Wednesday, September 17, 2014

The Providers

I'm in a reflective mood, so the industry that I helped reinvent is on my mind.

I disagree with Tim Cook that television is 'stuck in the seventies'. In the seventies I had three analogue channels in black and white. Now I have endless content available in full HD. I can pause, stop, watch and select to watch later.

What I suspect irks Cook is the way the rights holders behave. This has largely remained unchanged since the film making industry moved to California around a century ago.

There have been few companies that have really disrupted the TV industry. The big players 50 years ago are the big players now, from CBS and NBC to Disney. New franchises have appeared such as ESPN, Duscovery and CNN, but these are content franchises, not technical ones.

For an industry that is totally based on technology, its influence and value to the TV and film industries are, frankly, negligible, and maybe that's right. The technology is purposeless without the content.

And maybe that's where everyone from Project Venice to Kangaroo went wrong. It's not possible to reinvent television, but it is possible to reimagine it.


Tuesday, September 16, 2014

Not Being All Things To All TV Producers

I didn't make it to IBC this year - NAB was enough for me - but a friend called me from the show this afternoon. He's a senior manager with a major broadcast services company, so I asked him how things were going.

He replied "everyone here is selling platforms that do everything".

And therein lies the problem.

From being an industry of specific skills (Barco did monitors, Grass Valley did mixers and Ikegami did cameras in my day...), we're now in a world of Jacks of all trades.

Adobe's take on the cloud was clever initially but remains malformed as they haven't really done anything sceptical for enabling downloads and storage online.

For example, most online edit apps are Flash based, so five years out of date and pretty much useless in the age of the tablet.

The reality is that every platform does a few things well and none do everything brilliantly, leaving those involved in the industry with the problems and headaches of integration.

When we wrote TV Station In A Box at Narrowstep in 2002 we'd already addressed this - we rolled up asset management, metadata, scheduling and VOD along with PPV and video advertising in one platform. It seems a long time ago now...

So it's not rocket science to build a comprehensive platform for the industry as many others such as Brightcove went on to do.

However, the world has changed. When TV Everywhere acquired the majority of Rights Tracker our aim was to bring together what we saw as the two main components of modern media management - asset management and rights management.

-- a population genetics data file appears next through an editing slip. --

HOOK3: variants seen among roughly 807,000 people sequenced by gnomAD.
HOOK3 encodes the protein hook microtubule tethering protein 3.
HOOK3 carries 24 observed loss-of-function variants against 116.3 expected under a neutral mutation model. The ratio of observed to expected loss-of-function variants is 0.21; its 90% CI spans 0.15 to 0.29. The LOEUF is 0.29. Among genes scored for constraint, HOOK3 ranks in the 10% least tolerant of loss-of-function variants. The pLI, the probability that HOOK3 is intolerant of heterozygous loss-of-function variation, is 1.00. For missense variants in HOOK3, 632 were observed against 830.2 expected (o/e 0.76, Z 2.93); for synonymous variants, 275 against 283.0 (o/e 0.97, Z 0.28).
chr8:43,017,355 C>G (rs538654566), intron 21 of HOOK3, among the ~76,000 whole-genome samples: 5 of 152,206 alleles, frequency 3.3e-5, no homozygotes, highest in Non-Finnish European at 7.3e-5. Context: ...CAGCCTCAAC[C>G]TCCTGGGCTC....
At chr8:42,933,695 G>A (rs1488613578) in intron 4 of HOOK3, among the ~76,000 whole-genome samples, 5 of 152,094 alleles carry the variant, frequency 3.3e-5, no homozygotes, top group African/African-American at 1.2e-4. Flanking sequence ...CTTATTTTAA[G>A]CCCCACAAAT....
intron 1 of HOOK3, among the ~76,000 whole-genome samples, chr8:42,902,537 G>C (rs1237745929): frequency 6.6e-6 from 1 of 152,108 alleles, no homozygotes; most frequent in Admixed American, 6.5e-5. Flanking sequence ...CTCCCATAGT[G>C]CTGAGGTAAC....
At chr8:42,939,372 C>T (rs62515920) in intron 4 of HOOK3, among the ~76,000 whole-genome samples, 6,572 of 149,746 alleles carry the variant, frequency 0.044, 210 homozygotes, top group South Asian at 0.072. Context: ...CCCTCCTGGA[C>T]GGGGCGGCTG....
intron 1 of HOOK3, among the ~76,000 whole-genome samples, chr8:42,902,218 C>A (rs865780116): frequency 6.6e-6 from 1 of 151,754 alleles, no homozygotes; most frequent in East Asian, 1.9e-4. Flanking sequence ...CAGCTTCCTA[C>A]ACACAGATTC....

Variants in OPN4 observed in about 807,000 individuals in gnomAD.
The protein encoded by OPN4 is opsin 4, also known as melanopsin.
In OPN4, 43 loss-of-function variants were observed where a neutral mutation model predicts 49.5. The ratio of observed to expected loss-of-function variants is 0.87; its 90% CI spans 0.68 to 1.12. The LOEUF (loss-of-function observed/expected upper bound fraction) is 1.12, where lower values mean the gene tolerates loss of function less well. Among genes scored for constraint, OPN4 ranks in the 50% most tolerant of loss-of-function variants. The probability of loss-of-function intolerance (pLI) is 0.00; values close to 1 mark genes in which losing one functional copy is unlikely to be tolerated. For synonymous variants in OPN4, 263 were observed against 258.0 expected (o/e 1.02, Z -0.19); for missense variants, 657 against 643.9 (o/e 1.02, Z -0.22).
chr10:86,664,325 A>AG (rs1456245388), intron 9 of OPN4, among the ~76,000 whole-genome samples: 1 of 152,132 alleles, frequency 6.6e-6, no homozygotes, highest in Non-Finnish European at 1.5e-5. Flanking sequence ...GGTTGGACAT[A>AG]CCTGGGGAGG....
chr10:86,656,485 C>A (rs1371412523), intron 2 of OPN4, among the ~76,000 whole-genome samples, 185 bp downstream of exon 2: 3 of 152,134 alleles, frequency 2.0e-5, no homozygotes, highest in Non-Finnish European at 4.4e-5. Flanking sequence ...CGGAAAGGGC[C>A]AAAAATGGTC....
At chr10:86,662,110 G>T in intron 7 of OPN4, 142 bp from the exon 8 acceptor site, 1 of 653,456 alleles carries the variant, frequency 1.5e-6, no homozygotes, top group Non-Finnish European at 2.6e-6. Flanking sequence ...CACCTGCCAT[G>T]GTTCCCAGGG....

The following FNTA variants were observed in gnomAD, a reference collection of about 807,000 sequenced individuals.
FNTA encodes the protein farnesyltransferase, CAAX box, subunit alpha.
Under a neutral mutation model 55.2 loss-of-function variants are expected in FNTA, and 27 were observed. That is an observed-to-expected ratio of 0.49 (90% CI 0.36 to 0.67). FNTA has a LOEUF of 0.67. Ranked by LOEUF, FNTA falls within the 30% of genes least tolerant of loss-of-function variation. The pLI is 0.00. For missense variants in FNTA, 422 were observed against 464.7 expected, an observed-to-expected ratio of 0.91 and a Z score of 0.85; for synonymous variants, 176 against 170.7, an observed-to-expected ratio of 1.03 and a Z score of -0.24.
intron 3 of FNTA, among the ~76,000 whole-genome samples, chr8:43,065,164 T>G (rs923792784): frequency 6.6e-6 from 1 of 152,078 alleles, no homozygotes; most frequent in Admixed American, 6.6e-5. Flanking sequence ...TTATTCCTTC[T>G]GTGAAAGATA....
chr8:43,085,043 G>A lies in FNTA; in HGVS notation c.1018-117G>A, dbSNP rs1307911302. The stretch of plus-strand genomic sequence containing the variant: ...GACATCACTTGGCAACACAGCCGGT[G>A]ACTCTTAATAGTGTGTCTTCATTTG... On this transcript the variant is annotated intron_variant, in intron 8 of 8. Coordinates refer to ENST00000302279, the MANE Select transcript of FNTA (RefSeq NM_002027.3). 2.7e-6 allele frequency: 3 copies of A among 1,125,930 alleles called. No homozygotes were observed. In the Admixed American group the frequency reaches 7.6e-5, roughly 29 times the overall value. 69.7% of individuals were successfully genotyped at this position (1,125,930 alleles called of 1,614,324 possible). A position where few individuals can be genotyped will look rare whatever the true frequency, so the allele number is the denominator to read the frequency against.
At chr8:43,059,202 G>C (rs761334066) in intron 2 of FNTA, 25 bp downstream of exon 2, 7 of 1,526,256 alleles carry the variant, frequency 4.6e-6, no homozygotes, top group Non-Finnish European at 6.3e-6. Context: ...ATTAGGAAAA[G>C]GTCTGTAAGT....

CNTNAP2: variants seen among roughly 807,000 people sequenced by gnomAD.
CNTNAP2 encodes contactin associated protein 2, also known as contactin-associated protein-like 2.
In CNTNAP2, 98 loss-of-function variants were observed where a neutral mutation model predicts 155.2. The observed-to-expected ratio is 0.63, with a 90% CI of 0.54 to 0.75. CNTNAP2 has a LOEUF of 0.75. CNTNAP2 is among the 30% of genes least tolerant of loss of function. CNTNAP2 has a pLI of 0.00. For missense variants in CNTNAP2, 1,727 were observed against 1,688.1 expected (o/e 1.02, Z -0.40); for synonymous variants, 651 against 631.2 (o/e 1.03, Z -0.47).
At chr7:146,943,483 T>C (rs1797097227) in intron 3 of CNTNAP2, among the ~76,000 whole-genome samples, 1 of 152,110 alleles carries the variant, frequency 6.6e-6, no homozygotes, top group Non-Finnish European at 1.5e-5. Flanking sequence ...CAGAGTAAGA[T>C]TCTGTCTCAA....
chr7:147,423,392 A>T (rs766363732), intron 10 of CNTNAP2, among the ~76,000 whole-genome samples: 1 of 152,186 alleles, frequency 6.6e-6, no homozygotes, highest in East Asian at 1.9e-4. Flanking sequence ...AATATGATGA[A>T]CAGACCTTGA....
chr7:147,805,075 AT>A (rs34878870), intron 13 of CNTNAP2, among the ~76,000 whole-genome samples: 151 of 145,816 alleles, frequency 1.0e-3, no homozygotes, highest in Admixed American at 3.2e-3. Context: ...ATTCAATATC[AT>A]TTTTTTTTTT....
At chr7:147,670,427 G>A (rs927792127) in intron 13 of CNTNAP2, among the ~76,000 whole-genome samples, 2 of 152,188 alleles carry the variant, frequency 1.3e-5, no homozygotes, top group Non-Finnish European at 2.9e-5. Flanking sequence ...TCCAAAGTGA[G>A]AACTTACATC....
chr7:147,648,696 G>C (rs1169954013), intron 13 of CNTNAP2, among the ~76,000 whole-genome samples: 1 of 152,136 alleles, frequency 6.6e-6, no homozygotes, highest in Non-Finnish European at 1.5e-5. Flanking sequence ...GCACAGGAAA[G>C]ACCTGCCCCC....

And we did this. We have built the ultimate platform. But the trouble is the world has moved on.

Behemoth software solutions, even in the cloud, are complex and need extensive training.

So, we've changed tack and decided to release the platform not as one great big panacea, but as a series if apps - specific functions that offer advanced capabilities to the creative industry.

I guess we won't be at IBC next year claiming to do everything.

But we will be at MIPCOM showing how we can improve processes for production companies and distributors. Watch this space and get in touch if you'd like a heads up!



Wednesday, August 06, 2014

Wily Old Fox

So Murdoch has moved away from the Time Warner deal. Yeah, sure, like a fox moves away from the coop whilst the farmer is guarding over it with a shotgun. Trouble is the farmer is selling off the increasingly bandy old hens and the fence is looking rickety.. And that gun may not be loaded.

Count my words. He will be back.

Of course, the Time Warner board were right to point to the ridiculous Fox shareholding structure (which I believe should be illegal for a public company - one share, one vote), but all the pressure is now on them to return more value to their shareholders than they have achieved in the recent past.

What would happen if you flattened the Fox shareholding structure and made this more of am equitable merger rather than a fox raid ?


Wednesday, July 30, 2014

Net Neutrality Sucks

So the net neutrality argument rumbles on.

I don't care. I pay for Netflix, I pay for Spotify, I pay for Sky, but with 20Kbps with Sky Broadband, all are useless. I simply cannot watch video or lirten to music online. Thirty pounds every month down the drain.

Net neutrality is inefficient - it piles ultra broadband availability into hugely populated pockets. So it has to be stopped.

What we need is to make the likes of Google, Twitter, Netflix and Spotify care enough to invest in infrastructure to deliver their services EVERYWHERE. Or at least where it isn't available. Or at least to pay a contribution towards this.